“She knew the area very well,” Hauberg said. “We were pretty Native kids. My grandma used to call us ‘Pocahontas.’ We loved to wander around in the woods and be in nature.”

On the day Cameron disappeared, Hauberg said she had recently checked herself out of a drug rehabilitation program and was picked up by Lusby. It was the last time anyone confirmed seeing her alive.

“The whole family is struggling,” Hauberg said. “Heather was always in contact with her children’s fathers, so when they didn’t hear from her, we knew something very bad had happened. I remember her as being a great mom and very family-oriented.”

Lusby did not respond to several attempts by Smoke Signals, including a phone call to his place of employment and a Facebook Messenger message, seeking comment on Cameron’s disappearance.


Violence part of larger issue

A Cheyenne proverb states: “A Nation is not conquered until the hearts of its women are on the ground. Then it is done, no matter how brave its warriors or strong its weapons.”

It is particularly telling when one looks at national statistics regarding missingand murdered Native American women.

Under the 2005 Violence Against Women Act, a national study authorized by Congress found that between 1979 and 1992 homicide was the third leading cause of death among Native females aged 15 to 34, and that 75 percent were killed by family members or acquaintances.

Title IX of the act required the National Institute of Justice to conduct a national baseline research study on violence against Native American and Alaska Native women, including domestic violence, dating violence, sexual assault, stalking and murder, evaluate the effectiveness of federal, state, Tribal and local responses to violence against these women, and propose recommendations to improve the effectiveness of responses.

The report, released in May 2016, found that 84.3 percent have experienced violence in their lifetime, including sexual, physical, stalking and psychological aggression. Also, 39.8 percent have experienced these types of violence in the past year.

Compared to non-Hispanic, white women, Native American and Alaska Native women are 1.2 times more likely to have experienced violence during their life, and 1.7 times more likely to have experienced it during the past year, the study found.

The study further found that medical care was the most common service needed by the victims of lifetime violence. Among the women seeking services, 38 percent were unable to get the help they needed.

Grand Ronde Domestic Violence Prevention Coordinator Anne Falla said that intimate partner violence is not always limited to just physical abuse.

“Abuse is also emotional in nature and it is easy to discredit people who report it by making them look bad,” Falla said. “For example, people will say the person making the claim has dementia or blame past drug use, even if it was 20 years ago. It is really hard in this region as well because those types of comments live on with a person. … So it is hard to climb out of that and they are not seen as credible.”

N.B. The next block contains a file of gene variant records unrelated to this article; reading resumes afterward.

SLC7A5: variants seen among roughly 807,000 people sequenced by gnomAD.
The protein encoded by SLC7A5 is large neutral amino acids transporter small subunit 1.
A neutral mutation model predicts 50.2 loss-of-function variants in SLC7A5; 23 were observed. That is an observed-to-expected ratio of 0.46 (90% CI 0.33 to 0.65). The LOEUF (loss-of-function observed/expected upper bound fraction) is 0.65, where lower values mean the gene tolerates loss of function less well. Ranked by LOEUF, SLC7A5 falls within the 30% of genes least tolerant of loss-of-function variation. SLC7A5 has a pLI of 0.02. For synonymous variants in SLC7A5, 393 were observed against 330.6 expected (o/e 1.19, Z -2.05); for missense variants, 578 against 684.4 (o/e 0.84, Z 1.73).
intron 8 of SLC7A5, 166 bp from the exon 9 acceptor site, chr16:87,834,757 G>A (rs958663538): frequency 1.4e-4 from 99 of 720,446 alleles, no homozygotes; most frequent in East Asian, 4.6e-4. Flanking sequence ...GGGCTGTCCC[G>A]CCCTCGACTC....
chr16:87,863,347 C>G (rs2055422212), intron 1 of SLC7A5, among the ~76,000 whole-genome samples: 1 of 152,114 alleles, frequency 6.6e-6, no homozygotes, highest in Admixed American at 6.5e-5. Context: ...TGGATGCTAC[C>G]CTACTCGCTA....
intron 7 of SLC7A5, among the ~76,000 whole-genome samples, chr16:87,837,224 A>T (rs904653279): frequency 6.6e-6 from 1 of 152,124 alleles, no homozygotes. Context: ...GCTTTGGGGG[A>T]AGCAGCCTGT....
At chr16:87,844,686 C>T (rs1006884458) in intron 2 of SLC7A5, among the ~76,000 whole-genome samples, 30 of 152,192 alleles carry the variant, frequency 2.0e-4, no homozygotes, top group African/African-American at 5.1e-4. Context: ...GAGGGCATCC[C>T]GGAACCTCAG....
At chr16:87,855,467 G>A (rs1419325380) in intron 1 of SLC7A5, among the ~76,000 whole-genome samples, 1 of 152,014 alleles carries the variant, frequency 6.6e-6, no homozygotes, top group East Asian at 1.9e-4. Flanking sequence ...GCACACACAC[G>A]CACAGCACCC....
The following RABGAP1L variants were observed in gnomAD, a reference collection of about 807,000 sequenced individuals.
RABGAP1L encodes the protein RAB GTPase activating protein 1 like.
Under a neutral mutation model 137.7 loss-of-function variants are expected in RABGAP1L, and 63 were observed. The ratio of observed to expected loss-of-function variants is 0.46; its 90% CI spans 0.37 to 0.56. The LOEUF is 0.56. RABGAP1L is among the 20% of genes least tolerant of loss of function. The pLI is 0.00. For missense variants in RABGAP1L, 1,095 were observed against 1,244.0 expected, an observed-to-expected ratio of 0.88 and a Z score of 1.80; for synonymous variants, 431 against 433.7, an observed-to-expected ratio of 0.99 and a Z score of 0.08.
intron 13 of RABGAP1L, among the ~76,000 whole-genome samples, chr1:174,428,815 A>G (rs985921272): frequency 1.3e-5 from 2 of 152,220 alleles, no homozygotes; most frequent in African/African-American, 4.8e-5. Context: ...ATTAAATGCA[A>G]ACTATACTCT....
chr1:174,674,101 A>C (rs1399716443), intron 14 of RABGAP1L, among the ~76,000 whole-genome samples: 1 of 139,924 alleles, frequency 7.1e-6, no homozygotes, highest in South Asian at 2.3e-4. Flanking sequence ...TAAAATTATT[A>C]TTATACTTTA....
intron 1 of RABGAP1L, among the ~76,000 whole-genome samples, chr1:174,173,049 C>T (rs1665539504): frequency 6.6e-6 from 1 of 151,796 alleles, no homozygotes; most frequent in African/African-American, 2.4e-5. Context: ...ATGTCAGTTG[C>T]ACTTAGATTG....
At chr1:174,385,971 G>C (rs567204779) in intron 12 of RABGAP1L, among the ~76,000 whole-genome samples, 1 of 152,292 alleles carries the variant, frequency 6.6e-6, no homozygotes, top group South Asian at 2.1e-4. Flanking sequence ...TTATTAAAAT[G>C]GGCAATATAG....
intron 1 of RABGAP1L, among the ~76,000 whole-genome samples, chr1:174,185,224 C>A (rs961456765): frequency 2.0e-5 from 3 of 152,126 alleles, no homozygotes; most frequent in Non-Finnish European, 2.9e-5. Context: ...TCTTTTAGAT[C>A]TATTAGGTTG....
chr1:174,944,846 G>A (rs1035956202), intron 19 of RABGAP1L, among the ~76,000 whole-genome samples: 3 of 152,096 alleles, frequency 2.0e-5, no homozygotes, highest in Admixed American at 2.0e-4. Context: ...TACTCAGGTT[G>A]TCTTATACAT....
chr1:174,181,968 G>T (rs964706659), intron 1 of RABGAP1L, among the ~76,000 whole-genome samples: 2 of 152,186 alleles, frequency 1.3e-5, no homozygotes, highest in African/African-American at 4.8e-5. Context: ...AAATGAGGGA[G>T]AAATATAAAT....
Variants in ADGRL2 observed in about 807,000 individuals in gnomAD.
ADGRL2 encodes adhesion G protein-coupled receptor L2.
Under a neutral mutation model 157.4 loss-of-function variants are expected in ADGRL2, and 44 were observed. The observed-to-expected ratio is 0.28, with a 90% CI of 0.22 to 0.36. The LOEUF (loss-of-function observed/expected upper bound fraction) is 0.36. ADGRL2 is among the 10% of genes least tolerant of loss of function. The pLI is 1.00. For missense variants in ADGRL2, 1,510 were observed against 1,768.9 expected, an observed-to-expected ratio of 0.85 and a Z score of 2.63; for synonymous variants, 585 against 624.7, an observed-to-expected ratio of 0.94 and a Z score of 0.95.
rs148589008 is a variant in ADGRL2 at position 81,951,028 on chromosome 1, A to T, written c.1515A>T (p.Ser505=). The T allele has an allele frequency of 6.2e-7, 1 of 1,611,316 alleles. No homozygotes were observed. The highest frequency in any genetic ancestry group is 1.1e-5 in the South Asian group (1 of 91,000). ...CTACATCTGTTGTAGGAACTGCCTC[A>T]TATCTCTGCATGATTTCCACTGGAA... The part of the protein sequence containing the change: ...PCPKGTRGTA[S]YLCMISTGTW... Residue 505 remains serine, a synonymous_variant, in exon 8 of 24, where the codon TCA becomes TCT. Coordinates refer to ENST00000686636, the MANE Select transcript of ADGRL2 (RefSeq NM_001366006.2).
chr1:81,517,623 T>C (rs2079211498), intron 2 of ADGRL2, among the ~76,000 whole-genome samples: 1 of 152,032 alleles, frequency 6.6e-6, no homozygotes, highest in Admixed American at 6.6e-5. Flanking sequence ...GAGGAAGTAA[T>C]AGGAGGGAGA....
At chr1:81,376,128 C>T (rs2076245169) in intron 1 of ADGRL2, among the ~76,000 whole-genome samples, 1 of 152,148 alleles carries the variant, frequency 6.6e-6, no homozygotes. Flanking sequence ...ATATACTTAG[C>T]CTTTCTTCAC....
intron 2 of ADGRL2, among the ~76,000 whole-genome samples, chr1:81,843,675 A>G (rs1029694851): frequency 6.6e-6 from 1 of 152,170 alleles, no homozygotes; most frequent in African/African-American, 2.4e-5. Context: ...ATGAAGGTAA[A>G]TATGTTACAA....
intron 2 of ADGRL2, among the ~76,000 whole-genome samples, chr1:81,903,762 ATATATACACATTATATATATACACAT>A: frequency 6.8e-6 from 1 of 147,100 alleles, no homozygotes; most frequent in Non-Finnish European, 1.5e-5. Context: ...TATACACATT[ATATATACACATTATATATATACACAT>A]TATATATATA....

Shedding light on domestic violence can be difficult even in professional settings. Despite the recent reports that indicate that Native American women experience more intimate partner violence than any other ethnic group, Falla has noticed pushback.

“Until a few years ago, there were no statistics,” she said. “So part of this is raising awareness. Native Americans get forgotten when it comes to reporting. If you’re trying to disclose (a crime), law enforcement sometimes really doesn’t know who to give you to. In some situations with my clients, it has taken months for them to be able to tell an officer, then they didn’t get a good sense that they would get anywhere or that … the situation was credible.”

Other issues that domestic or sexual violence victims may face is feeling as if they lack credibility due to past history or unfavorable experiences with police or the courts.

“There is a lot of extreme fear, embarrassment and shame,” Falla said. “But there are people who will believe you and ultimately understand.”

To help combat the problem of where to report, the U.S. Department of Justice created a Tribal Access Program, which provides federally recognized Tribes the ability to access and exchange information with national crime databases for civil and criminal offenses.

Tribal governments can access federal crime databases with information, such as criminal background records, outstanding warrants and domestic violence protection orders. The only Oregon Tribe selected to participate was the Confederated Tribes of the Umatilla Indian Reservation.

Priority was given to Tribes that had a sex offender registry in accordance with the Adam Walsh Act and that are currently unable to directly submit data to national crime information databases.

The problem of missing and murdered Native women has become so prevalent that the U.S. Senate signed a resolution designating May 5 as the National Day of Awareness for Missing and Murdered Native Women and Girls.

The resolution states that Native women face murder rates that are more than 10 times the national average and that little data exists on the number of missing Native women in the United States.

“Often, these disappearances or murders are connected to crimes of domestic violence, sexual assault and sex trafficking,” states a press release from the National Indigenous Women’s Resource Center.

As far as Cameron’s case goes, her family is seeking resolution to a life-altering event that has haunted them for more than five years.

“Heather can now be legally declared dead,” Gleason-Shepek said. “So the next step for the family is to educate ourselves on the California legal process and determine if we are able to navigate it ourselves or if we will need to raise money to hire legal assistance.”

Once Cameron is declared deceased, the Tribe will release her monies to a designated guardian of her estate, Gleason-Shepek said.

“We know that Heather would want her children to have this money,” she said. “We hope to use some of the money to increase the reward (for information) and the remaining money would go to her children.”